One of our most important initiatives in Lebanon was the Civil Peace Corps: 6 young men and women working in the field to promote peace-building and social unity. When the spread of the disease intensified, they started working from home in self-isolation. We continued like this as long as possible. But then the situation started deteriorating on March 9th: there was no way to trace the origins of infections in many areas. The continuing spread of the virus forced the Lebanese government to impose further restrictions from the evening of March 11th, they banned flights to and from Italy and Europe, as well as China, Iran and Korea.

When Beirut Airport closed we had to make a difficult decision. If we stayed in Beirut we risked not having access to healthcare if we got infected, and anyway it had been impossible to work for days. So we had no choice but to return to Italy on March 15th.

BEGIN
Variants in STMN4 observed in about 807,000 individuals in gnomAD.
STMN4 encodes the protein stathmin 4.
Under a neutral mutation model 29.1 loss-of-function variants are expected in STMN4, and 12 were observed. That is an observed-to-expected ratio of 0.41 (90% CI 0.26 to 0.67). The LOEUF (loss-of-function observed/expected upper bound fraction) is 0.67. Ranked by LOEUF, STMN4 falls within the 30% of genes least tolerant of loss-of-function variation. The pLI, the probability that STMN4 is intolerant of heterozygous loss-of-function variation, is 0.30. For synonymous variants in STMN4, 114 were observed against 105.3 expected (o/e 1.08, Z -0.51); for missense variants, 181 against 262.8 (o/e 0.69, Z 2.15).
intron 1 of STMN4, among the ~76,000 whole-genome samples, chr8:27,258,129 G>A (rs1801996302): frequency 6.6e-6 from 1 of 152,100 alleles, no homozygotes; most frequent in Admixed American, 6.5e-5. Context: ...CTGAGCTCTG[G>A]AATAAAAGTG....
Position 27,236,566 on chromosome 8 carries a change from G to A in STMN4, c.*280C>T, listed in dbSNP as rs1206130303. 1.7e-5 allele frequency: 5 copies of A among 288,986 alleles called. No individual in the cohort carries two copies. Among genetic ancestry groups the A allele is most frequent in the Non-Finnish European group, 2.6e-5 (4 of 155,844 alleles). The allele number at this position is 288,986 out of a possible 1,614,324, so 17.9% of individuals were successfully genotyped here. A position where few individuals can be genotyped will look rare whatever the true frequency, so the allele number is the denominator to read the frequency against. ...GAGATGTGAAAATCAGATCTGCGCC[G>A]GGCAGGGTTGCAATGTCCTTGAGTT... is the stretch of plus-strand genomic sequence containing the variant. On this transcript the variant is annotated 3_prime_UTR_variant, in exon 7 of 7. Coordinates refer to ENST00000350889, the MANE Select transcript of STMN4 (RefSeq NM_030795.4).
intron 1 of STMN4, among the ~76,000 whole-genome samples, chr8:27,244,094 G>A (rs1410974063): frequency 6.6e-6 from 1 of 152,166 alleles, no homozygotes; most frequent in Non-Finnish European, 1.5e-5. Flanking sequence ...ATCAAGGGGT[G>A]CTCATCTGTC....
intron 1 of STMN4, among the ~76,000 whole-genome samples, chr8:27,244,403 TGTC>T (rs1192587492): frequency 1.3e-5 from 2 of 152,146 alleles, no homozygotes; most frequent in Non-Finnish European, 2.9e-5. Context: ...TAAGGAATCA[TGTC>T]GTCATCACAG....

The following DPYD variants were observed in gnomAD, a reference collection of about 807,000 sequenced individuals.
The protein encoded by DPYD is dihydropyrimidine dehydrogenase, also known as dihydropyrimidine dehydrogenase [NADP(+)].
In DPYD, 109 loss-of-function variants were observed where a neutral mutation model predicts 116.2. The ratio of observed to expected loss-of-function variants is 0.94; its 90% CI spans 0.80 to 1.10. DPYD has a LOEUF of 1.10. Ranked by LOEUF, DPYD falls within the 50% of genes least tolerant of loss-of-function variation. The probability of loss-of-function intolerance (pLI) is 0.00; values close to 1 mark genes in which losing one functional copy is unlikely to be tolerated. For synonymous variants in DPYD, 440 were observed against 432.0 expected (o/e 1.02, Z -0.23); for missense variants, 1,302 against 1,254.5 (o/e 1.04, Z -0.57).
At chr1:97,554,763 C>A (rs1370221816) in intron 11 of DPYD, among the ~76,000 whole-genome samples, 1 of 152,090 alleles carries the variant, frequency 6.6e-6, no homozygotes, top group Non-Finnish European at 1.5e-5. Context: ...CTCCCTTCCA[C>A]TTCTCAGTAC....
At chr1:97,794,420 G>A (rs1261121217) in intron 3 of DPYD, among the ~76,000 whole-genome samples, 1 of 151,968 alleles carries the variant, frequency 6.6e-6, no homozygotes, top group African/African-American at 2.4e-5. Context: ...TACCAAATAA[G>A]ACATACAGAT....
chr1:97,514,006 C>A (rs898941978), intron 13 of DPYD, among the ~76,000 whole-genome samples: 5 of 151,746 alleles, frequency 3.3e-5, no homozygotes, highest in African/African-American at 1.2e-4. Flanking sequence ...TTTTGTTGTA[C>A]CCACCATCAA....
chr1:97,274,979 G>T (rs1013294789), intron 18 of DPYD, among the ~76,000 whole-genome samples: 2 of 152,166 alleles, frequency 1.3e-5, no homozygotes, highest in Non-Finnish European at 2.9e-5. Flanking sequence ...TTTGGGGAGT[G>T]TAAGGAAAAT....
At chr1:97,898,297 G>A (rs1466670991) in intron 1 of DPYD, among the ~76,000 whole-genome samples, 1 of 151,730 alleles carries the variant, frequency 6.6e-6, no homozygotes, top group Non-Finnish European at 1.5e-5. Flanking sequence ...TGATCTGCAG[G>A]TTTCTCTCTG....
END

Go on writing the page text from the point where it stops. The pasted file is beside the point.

We immediately began working with our local partners to find creative ways to continue working remotely, in the hope of getting back to our fieldwork as soon as possible.

We are in regular contact with our teaching staff in the Palestinian camps, who are now distributing educational material to the homes of their schoolgirls and schoolboys. This material was developed with the invaluable input of UPP’s Education Group in Italy.

As Covid-19 continues to spread throughout the country, the government has stopped all non-essential activities and closed the borders. It has also asked the army to ensure public order and enforce the lockdown.

This epidemic has compounded an already precarious situation: the Lebanese government is already officially in economic default, and only the International Monetary Fund (IMF) is in a position to authorise loans, casting further doubts on the provision of medical equipment. Government and IMF estimates suggest that 40% of the Lebanese population will soon be living on the poverty line.
Human Rights Watch also recently raised the alarm in a report raising concerns about measures taken by the government.